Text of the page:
Eliot Spitzer wasn't the first Democratic politician to be involved in a sex scandal this year. Self-styled "Hip-Hop Mayor" from Detroit, Kwame Kilpatrick, has created his own mess of lies and deception mixed in with a little adultery. And now as cries grow for him to resign, like a typical liberal Kilpatrick is playing the victim and blaming it all on his race:
From Marion Barry to Ray Nagin to Kwame Kilpatrick, when the chips are down due to their own ineptitude, the finger will never be pointed at themselves.
You might think the resignation of New York Gov. Eliot Spitzer would put more pressure on Detroit's embattled mayor, Kwame Kilpatrick, to do the same. But Kilpatrick, seven weeks into his own text sex scandal, shows no signs of giving up the fight. In fact, with a prosecutor contemplating perjury charges and his city council in revolt, Kilpatrick has chosen the nuclear option in this deeply divided city. At the end of an otherwise routine state-of-the-city speech Tuesday night, Kilpatrick went off on a racially explosive tirade against his critics and the media.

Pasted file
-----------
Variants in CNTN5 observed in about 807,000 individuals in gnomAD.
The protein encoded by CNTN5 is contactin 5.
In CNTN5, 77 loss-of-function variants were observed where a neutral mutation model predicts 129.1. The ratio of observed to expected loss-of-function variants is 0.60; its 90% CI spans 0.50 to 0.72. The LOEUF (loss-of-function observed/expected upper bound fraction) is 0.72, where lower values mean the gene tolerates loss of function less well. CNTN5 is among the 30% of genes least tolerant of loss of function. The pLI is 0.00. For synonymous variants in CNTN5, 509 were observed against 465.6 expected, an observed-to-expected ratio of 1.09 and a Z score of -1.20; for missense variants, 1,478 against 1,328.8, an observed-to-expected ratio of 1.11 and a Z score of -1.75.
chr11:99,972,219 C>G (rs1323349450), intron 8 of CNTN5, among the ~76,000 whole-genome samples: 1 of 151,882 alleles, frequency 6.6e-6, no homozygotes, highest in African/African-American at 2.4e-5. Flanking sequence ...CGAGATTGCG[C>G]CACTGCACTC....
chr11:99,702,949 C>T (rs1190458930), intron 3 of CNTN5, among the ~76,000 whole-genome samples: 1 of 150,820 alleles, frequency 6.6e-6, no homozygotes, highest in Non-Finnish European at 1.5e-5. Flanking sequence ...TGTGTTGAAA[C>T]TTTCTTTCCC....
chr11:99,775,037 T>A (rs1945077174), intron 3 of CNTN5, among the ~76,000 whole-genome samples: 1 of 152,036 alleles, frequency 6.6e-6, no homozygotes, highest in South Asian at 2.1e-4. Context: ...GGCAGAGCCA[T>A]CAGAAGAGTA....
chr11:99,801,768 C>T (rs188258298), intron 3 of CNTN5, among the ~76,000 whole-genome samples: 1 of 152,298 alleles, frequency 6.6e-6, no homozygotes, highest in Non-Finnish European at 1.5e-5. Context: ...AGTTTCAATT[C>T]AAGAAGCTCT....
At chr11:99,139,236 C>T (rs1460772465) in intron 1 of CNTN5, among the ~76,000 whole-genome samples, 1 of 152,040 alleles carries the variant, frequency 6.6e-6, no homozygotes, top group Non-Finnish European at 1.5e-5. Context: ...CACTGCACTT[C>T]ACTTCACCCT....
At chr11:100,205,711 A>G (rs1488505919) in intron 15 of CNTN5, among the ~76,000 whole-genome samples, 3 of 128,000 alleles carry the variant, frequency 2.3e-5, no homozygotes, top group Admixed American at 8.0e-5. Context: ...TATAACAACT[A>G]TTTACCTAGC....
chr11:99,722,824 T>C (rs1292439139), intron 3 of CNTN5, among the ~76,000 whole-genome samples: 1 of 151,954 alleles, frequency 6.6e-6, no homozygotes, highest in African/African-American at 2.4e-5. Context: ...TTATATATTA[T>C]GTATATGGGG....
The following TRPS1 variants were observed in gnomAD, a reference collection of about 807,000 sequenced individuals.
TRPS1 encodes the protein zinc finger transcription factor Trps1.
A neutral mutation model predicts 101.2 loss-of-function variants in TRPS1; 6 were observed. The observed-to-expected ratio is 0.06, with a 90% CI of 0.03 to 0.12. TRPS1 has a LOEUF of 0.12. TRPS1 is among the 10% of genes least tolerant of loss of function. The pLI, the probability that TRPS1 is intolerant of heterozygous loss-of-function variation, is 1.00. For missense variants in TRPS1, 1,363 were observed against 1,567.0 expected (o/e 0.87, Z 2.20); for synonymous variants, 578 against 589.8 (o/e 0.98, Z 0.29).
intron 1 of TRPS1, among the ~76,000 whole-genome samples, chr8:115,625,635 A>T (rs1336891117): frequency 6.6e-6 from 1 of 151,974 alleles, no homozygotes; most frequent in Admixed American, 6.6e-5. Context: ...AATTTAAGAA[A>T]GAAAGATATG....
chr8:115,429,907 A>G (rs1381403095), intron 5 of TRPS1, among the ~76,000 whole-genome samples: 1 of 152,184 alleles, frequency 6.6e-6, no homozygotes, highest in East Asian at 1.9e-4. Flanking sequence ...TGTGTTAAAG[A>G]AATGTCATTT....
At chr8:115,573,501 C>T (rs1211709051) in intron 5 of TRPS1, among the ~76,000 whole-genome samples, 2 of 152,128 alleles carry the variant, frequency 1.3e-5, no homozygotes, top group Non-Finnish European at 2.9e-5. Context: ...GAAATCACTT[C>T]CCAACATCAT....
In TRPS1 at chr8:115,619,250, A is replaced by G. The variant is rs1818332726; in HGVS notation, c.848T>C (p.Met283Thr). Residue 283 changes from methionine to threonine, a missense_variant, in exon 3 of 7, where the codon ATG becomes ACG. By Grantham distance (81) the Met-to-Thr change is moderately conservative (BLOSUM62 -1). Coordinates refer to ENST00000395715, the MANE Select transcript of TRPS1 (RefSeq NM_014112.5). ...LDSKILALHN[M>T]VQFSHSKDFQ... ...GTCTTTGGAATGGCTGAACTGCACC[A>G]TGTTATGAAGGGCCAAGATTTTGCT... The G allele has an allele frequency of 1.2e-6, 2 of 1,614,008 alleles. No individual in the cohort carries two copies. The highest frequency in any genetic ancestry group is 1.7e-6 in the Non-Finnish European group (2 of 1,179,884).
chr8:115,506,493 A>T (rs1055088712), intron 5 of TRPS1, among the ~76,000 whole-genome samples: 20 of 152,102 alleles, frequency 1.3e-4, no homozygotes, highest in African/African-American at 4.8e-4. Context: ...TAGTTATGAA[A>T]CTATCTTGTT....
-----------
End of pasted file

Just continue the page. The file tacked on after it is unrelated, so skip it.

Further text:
"In the past 30 days I've been called a n----- more than any time in my entire life," he told a cheering, invitation-only crowd of 1,500 at Detroit's gilded Orchestra Hall. "In the past three days I've received more death threats than I have in my entire administration. I've heard these words, but I've never heard people say them about my wife and children. I have to say this, because it's very personal to me." He stole a glance at his wife and twin 12-year-old sons standing at attention in a luxury box above the stage. "I don't believe a Nielsen rating is worth the life of my children or your children. This unethical, illegal lynch-mob mentality has to stop."
An African-American man might be making a serious run at the White House, but here in Motown the old-school politics of race still define this struggling city. Census data show this is the most racially divided urban center in America, with 81 percent of the city black and a roughly equal percentage of the surrounding suburbs white. Politicians on both sides of Detroit's cultural fault line—the 8 Mile Road made famous by Eminem—have stoked racial fears for decades in order to get elected and stay in power. Kilpatrick, a Democrat, is no stranger to this tactic. There was plenty of racial rhetoric in his bruising 2005 re-election campaign.